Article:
Despite finishing a distant third behind Sebastian Vettel in Sunday's Belgian Grand Prix, Lewis Hamilton believes he can still overhaul him and win this year's drivers' world championship.
The 28-year-old Briton, who started the race from his 31st pole position and fourth in succession this year, was passed on the opening lap and then left trailing by the defending triple world champion German.
But after reflecting on the way the 44-laps race unfolded, Hamilton said he remained confident that he can close the 58-points gap between them with eight races to go.
He said he believed that his Mercedes team's low down-force package had put them at a disadvantage in Belgium and may do the same in Italy next month.
But, after that - in the final seven 'flyaway' races outside Europe - he expected the return to high down-force circuits to suit his car and put him back on terms with Vettel and the Red Bull team.
"We are trying to understand where we missed out," he said. "The guys will work out where we were slower, but Eau Rouge was particularly slow for us - as it was down the straight.
"Maybe we will be able to unlock something before the next race, but, if not, I am hoping Singapore will be much stronger.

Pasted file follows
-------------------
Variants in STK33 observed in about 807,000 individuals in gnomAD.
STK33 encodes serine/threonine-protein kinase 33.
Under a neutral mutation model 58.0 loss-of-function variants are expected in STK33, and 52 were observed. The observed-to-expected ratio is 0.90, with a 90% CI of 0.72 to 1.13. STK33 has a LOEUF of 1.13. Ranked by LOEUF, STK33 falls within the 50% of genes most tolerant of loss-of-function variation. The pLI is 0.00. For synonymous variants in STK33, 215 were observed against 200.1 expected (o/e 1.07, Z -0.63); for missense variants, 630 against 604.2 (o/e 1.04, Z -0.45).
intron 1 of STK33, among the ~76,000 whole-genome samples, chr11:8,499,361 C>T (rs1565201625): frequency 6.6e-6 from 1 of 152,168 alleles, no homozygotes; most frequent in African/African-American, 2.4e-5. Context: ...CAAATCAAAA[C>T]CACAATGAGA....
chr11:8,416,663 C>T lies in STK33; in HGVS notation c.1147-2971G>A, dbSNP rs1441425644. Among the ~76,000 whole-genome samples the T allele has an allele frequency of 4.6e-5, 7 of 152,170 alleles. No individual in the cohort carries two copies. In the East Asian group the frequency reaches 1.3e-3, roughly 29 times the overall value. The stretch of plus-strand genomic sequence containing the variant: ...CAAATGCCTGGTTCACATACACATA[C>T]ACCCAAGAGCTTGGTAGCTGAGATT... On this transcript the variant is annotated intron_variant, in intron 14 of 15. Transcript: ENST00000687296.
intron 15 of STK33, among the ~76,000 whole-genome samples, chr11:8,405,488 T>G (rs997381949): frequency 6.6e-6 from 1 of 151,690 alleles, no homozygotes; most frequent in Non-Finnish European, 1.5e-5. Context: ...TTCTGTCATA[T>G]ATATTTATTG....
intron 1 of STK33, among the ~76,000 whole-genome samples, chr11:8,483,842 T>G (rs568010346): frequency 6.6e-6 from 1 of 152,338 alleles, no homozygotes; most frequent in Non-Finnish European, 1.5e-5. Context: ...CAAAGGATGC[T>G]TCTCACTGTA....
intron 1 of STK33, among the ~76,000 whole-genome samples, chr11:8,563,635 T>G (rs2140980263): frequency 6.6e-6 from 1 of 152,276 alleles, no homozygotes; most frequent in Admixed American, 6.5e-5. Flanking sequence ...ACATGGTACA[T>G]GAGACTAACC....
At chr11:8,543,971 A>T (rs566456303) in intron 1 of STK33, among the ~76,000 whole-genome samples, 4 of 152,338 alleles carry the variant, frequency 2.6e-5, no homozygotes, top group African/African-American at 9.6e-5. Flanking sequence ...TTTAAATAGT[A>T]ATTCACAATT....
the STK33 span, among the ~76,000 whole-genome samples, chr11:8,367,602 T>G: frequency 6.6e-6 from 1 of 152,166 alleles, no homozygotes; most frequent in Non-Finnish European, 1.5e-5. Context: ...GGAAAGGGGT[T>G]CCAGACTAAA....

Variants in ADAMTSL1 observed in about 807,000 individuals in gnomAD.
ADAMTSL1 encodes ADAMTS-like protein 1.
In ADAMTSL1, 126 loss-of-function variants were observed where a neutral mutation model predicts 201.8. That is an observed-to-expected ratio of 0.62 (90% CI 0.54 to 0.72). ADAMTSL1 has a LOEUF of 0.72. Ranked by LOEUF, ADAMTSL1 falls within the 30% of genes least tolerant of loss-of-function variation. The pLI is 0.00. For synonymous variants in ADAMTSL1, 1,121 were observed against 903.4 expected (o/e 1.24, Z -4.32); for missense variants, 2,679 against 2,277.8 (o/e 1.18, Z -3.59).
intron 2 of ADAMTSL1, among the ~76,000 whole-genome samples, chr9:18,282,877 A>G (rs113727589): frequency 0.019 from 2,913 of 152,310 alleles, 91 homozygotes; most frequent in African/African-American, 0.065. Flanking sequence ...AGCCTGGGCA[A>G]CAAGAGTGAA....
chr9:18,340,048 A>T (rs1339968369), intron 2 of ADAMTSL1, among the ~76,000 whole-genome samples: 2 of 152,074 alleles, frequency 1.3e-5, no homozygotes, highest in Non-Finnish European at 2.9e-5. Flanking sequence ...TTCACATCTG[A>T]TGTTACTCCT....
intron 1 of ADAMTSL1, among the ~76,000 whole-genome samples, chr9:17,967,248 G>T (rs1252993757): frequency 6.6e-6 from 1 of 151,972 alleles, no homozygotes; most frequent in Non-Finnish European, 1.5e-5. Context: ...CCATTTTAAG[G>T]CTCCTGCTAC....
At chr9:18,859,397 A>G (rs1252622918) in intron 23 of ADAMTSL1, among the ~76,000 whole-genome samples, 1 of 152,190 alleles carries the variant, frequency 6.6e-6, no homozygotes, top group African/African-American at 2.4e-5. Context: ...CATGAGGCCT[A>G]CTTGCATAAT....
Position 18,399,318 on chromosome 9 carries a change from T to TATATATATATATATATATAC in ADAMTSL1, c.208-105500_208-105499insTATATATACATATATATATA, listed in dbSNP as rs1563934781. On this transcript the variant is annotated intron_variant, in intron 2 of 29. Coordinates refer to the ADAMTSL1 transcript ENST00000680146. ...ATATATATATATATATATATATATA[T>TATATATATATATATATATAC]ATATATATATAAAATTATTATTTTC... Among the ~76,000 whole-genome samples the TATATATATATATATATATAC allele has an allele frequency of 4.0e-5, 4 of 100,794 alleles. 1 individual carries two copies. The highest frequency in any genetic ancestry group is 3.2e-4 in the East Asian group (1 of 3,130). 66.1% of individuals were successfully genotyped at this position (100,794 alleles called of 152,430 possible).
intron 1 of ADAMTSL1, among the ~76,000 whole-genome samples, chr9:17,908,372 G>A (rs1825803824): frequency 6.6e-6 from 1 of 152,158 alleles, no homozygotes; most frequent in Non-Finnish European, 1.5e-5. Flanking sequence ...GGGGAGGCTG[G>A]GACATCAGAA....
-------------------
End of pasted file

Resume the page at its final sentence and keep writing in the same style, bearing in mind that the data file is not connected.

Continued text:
"They are different kinds of track from there on. They are more windy and twisty circuits, more high down-force.
"Coming to these two circuits (Spa and Monza) you have the down-force package and you are kind of stuck with it. It either has or hasn't worked.
"We may improve in the next race or be in the same position, but we won't be any worse. After that, we will have the high down-force package we had in previous races -- or improved again. Hopefully it will be improved again..."
Asked if he felt he could catch Vettel, he added: "It is going to be very, very tough undoubtedly. He has had a phenomenal car for such a long time, and it is still phenomenally quick. He does the job, so it is the perfect package.
"We have had some really strong races and been there or thereabouts competing, and finished ahead of him in the past.
"So that doesn't mean we can't do that going forwards, although it is getting closer and closer to the point where we need to finish ahead of him each and every time."
Vettel's triumph on Sunday was his fifth this year against Hamilton's sole win in Hungary, his maiden victory for Mercedes, and the two scored by Spaniard Fernando Alonso for Ferrari, who are also seeking a revival in the title fight.
But Hamilton and Mercedes have taken eight pole positions this year - Sunday's was a fourth in succession for Hamilton while team-mate German Nico Rosberg has grabbed three poles and won twice - to prove they have the raw pace needed to beat their rivals.
Red Bull, through Vettel, have only had three poles this season and none since the Canadian Grand Prix in June. Ferrari have not taken a pole since Alonso succeeded at the German Grand Prix in July of last year.
This suggests that although Alonso is second with 151 points behind Vettel on 197, it is Hamilton on 139 who has the pace to mount a bid to stop the German claiming a fourth consecutive crown.